Marcos Bretón

Marcos Breton: Mayor Johnson is riding high but does he deserve four more years?

Mayor Kevin Johnson has never been riding higher than he was last week.

KJ was a guest of President Barack Obama at a White House State Dinner for French President Francois Hollande. He presided over a State of the City address that he transformed into a rally celebrating his greatest mayoral achievement – keeping the Kings from relocating to Seattle.

Then Johnson was named a finalist for the basketball Hall of Fame.

Amid the excitement and the adulation from wealthy and famous supporters, Johnson told The Sacramento Bee’s Ryan Lillis that he was “strongly considering” running for a third term as mayor.

There has never been a three-term mayor in Sacramento, and Johnson himself came out of nowhere to prevent Heather Fargo from coasting to a third term in 2008.

But before the idea of KJ 3.0 goes any further, please consider a three-word rebuttal: Wait a minute. Or a two-word rebuttal: Time out. Or a one-word rebuttal: Stop!

Kevin Johnson has been great for Sacramento in preventing the Kings’ move and in landing a new ownership group that’s poised to build an arena downtown.

The problem is that, for a long time, Johnson has been giving a good imitation of a one-trick pony. It’s been Kings and the arena – all day, every day.

Johnson mentioned a few other priorities at his state-of-the-city Kings rally. But, as is his wont, Johnson took only glancing blows and was a little sketchy on the details.

I’ve spoken with some key people in town who tell a similar story about the mayor:

They’ve tried to engage him on serious matters and have been disappointed when he and his staff seemed more interested in slicing off bite-sized bits of bigger issues that could be trotted out for the local TV cameras.

If it seems premature to think through the political calculus two years before KJ would seek re-election, think again.

Later this year, Sacramento voters will consider a strong-mayor ballot proposal that could greatly enhance the authority of the mayor.

If that measure passes, Johnson runs again. You can take that to the bank.

However, it’s important to remember that another heavyweight in town has been openly linked to the mayor’s job: Senate President Pro Tem Darrell Steinberg.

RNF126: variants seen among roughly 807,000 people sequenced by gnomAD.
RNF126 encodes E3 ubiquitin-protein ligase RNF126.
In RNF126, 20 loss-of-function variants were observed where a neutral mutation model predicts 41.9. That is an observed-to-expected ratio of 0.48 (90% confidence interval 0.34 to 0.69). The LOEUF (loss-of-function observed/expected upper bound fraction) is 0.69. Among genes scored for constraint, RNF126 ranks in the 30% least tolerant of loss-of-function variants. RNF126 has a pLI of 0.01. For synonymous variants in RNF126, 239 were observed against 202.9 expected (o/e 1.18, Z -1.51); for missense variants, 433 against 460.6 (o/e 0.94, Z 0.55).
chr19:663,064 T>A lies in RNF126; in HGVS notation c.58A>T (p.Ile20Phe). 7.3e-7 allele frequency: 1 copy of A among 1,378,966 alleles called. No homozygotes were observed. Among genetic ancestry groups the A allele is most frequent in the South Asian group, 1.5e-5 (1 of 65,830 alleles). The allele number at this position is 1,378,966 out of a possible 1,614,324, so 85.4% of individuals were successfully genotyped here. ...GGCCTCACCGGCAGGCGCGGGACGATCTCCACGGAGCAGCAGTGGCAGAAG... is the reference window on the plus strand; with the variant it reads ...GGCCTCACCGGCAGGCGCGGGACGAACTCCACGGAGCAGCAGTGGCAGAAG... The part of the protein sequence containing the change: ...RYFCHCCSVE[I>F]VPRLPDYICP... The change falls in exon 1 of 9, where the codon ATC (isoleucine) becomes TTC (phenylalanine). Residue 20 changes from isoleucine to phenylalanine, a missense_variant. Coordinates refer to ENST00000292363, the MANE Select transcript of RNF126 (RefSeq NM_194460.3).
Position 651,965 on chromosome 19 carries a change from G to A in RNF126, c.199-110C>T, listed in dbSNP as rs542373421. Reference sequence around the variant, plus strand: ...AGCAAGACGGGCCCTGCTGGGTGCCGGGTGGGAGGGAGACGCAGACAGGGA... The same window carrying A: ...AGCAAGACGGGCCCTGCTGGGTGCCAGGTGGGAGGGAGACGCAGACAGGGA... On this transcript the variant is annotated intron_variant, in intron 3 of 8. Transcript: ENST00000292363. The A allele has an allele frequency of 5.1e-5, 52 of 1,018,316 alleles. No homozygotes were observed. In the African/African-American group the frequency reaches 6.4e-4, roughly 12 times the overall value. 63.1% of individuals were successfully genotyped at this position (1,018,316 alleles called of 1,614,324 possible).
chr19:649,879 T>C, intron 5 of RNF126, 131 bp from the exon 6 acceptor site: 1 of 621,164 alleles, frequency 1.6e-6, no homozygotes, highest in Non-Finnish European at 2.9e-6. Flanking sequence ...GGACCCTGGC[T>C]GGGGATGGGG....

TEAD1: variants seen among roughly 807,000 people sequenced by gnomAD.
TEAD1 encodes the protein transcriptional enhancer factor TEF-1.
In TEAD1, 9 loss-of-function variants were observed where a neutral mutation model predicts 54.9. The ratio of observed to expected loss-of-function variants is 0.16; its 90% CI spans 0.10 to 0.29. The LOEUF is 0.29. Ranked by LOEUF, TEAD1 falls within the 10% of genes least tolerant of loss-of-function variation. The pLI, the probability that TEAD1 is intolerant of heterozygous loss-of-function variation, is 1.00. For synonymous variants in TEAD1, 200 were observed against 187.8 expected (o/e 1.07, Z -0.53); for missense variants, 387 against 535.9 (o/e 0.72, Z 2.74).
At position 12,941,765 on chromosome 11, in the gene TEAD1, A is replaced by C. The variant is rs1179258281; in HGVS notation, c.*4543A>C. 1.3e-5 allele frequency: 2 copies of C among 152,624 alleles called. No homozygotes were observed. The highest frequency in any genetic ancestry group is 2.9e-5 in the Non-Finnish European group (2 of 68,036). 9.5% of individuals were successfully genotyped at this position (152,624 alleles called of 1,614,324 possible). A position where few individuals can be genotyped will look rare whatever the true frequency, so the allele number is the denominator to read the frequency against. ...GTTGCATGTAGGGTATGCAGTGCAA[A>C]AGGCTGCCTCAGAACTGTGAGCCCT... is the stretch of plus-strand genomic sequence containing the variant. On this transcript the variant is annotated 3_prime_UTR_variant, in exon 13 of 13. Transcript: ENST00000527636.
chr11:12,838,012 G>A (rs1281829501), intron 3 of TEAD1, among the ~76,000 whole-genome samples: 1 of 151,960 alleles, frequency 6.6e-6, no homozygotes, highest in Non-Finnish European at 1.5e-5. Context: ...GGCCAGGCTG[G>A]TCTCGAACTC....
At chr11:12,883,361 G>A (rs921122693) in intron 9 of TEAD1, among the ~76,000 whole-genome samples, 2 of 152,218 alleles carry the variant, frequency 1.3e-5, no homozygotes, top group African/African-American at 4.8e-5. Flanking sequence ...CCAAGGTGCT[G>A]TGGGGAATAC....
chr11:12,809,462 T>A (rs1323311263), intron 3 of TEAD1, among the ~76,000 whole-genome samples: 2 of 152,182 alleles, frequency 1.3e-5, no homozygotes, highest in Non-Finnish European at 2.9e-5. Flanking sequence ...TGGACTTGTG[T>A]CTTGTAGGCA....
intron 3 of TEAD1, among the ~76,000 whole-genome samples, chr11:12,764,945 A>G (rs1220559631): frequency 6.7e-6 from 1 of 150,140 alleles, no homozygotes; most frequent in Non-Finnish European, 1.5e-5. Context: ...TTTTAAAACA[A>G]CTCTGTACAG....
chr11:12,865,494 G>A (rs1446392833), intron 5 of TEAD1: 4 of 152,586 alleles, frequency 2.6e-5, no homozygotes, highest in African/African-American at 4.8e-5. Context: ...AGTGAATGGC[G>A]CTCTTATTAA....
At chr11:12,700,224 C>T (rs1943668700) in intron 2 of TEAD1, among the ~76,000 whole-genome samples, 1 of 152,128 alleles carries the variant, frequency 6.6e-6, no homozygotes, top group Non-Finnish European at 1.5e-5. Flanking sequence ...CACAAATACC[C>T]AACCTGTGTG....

With all due respect to Mayor KJ, he is not in Steinberg’s league as a politician. It’s not even close.

Steinberg is the last of the Capitol political leaders still standing from 2009, when a $42 billion state budget deficit pushed California to the fiscal brink. He was a key figure in securing tough legislative votes to help trim that deficit year after year until a tax hike championed by Gov. Jerry Brown won the public’s stamp of approval at the ballot box.

Just last week, the state of California was given two more years to cut its prison population – ending a showdown with the federal courts and preventing the potential release of a substantial number of prisoners into the public. It was Steinberg who pushed Brown to stop wasting money on federal court appeals that California would have lost. It was Steinberg’s opposition to Brown’s legal strategy that eventually led the governor to change course and embrace sentencing reform and rehabilitation programs to gradually reduce the number of state inmates.

Steinberg was an essential player in water reform and – whether you agree with it or not – his influence landed the votes needed to approve high-speed rail in California. On policy, he’s been key in securing funding for mental health and dental care for the poor. On politics, his influence helped score supermajorities for Democrats over Republicans in the state Senate.

When Mayor KJ needed to prove to NBA officials that a new arena would not be bogged down by lawsuits in Sacramento, it was Steinberg who helped seal the deal.

In all these ways and more, Steinberg’s abilities, accomplishments and accessible style offer sharp contrasts to Johnson.

Steinberg has expressed an interest in being Sacramento’s mayor and he will be termed out of his current job in November, but he could find bigger to fish to fry. A seat will open up on the California Supreme Court later this year, for example, with the announcement last week that Justice Joyce Kennard intends to retire.

Maybe KJ decides against four more years as mayor? Who knows?

But Sacramento faces huge challenges and has many opportunities to leap forward in the coming years. It’s time for the focus of the mayor’s office to pivot away from the arena and Kings and to move on to other equally pressing issues.

Sacramento does need a strong mayor. But even more important, Sacramento needs the right mayor – the one best suited to make that pivot into the future.

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